French actress Madeleine LeBeau, best known for her small but high-impact role in Casablanca as Rick’s pushed-aside girlfriend Yvonne who passionately sings La Marseillaise at a pivotal moment in the film, has died at the age of 92.
She was believed to be the last surviving cast member of the Second World War film classic, which starred Humphrey Bogart and Ingrid Bergman.
Ms. LeBeau died on May 1 in Spain, after suffering a thigh-bone fracture, Carlo Alberto Pinelli said. She was the second wife of Mr. Pinelli’s father, the late Italian screenwriter Tullio Pinelli. Ms. LeBeau had been living with a daughter, Maria Duhour, who informed the younger Mr. Pinelli of the actress’s death.
Born Marie Madeleine Berthe Lebeau in the southern suburbs of Paris in 1923, she first appeared on screen in a 1939 French film, Young Girls in Trouble.
The next year, she and her then-husband, actor Marcel Dalio, fled France ahead of the Nazi invasion. They made their way to Portugal and then headed to Chile by way of Mexico, where they discovered that their visas were forgeries; they eventually entered the United States thanks to temporary Canadian passports, according to the Internet Movie Database.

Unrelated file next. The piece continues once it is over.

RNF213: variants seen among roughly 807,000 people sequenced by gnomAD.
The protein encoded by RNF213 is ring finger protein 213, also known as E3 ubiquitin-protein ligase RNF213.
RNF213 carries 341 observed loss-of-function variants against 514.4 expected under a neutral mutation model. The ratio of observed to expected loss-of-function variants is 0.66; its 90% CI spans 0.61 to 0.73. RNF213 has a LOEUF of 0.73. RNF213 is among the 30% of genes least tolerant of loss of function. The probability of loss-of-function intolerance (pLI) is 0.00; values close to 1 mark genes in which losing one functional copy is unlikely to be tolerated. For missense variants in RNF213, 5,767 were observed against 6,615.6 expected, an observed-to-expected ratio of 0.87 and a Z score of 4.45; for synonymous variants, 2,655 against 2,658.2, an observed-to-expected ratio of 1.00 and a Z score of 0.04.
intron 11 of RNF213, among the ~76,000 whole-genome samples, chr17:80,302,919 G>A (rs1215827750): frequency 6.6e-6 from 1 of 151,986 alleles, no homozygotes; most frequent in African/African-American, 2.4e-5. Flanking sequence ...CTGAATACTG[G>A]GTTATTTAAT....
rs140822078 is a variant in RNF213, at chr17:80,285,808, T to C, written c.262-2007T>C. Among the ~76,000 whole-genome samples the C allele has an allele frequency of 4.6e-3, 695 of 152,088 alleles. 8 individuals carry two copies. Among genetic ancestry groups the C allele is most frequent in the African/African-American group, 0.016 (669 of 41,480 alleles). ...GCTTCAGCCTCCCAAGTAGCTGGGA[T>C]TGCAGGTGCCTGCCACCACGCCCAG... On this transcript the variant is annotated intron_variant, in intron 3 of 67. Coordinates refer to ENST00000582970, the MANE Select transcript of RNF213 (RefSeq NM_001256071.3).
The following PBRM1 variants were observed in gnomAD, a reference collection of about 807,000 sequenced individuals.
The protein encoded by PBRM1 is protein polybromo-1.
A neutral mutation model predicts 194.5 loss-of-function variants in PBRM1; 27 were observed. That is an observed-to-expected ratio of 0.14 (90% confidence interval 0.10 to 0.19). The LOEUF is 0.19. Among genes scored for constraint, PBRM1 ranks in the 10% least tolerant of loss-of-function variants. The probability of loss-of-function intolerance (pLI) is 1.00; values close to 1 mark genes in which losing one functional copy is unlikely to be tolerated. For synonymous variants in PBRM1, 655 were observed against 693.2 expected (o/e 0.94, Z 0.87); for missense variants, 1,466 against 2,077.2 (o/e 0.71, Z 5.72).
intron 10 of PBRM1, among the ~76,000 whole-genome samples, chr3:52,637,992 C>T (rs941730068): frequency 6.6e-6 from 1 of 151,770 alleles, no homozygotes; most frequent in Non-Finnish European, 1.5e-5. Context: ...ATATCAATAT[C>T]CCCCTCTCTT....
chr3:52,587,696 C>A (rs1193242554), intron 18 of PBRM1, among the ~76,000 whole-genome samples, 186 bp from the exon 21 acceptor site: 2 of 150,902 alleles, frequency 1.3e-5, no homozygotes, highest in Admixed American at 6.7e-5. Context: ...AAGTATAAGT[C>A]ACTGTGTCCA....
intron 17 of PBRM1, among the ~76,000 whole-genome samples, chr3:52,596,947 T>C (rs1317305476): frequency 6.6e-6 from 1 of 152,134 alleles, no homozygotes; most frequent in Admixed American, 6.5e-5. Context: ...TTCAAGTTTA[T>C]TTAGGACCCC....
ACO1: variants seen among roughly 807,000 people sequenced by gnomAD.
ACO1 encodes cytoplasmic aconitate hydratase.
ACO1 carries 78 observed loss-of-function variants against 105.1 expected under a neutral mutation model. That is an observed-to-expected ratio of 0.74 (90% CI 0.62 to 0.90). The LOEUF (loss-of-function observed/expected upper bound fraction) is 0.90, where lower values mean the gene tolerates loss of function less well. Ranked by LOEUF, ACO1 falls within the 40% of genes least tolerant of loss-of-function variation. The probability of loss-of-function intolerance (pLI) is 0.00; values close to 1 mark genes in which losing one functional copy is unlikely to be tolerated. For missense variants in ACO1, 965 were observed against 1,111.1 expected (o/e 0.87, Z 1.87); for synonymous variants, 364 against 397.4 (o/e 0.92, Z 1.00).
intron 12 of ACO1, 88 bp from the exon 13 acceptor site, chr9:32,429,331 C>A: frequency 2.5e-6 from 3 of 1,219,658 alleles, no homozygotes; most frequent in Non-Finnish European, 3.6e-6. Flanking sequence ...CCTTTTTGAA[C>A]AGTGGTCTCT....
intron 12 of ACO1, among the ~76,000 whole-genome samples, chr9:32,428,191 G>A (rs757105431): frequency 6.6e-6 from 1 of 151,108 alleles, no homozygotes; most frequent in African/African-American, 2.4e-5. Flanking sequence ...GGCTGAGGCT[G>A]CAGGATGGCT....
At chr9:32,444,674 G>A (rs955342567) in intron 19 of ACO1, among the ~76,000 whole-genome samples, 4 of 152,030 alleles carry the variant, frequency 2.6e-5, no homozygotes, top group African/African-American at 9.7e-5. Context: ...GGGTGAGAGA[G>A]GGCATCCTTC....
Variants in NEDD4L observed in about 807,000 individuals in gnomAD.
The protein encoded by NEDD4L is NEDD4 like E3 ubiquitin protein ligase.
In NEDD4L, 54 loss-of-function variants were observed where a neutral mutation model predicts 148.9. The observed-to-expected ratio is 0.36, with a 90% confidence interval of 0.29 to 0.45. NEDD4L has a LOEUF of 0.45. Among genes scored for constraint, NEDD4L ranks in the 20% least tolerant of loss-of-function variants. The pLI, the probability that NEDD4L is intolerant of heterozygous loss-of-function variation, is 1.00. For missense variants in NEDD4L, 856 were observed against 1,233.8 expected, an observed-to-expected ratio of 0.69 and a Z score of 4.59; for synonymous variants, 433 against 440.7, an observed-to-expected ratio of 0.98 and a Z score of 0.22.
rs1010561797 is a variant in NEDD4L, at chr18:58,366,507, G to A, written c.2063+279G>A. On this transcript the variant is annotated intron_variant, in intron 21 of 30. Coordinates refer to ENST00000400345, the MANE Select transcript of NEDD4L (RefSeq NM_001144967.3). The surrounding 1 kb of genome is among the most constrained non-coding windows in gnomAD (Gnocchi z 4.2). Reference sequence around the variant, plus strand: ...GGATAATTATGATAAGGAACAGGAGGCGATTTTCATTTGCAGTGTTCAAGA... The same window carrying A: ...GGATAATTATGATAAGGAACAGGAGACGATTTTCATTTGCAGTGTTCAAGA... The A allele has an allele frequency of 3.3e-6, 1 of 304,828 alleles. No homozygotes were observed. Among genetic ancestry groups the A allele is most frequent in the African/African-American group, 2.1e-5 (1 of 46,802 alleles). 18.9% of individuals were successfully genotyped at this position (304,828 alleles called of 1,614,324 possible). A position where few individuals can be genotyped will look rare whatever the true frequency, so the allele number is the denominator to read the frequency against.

Ms. LeBeau, still a teenager, quickly landed a contract with Warner Bros. She appeared in minor roles in an Olivia de Havilland film, Hold Back the Dawn, and the Errol Flynn boxing drama Gentleman Jim before scoring the role of Yvonne in Casablanca in 1942.
In the film, Ms. LeBeau, at only 19, got her big moment during the scene where the patrons of Rick’s Café Americain stand up and sing La Marseillaise in an attempt to drown out the song being sung by a group of German soldiers. The camera zooms in on Ms. LeBeau’s face, and her glassy, tearful eyes. As the song nears its close, she shouts “Vive la France!” (Many actors in that scene were, like her, refugees from Europe.)
Mr. Dalio, who was 23 years older than Ms. LeBeau, appeared in Casablanca as Emil the croupier and filed for divorce from her during production of the movie on the grounds of desertion. They were divorced that year, and, according to reports, her Warner Bros. contract was terminated before the release of the film.
Ms. LeBeau completed two Hollywood features, Paris After Dark (also with Mr. Dalio), and Music for Millions, before returning to France after the war where she appeared in films such as Cage of Gold and Une Parisienne. Though she never gained significant international renown, she worked steadily in France throughout the 1950s until she stopped acting on screen in the late 1960s.
She also had a small role in Federico Fellini’s avant-garde classic 8 1/2 as a French actress. In 1988, she married 8 1/2 co-writer Tullio Pinelli, who died in 2009. Her last acting credit was in the French television series Allo Police.
Courtesy : theglobeandmail.com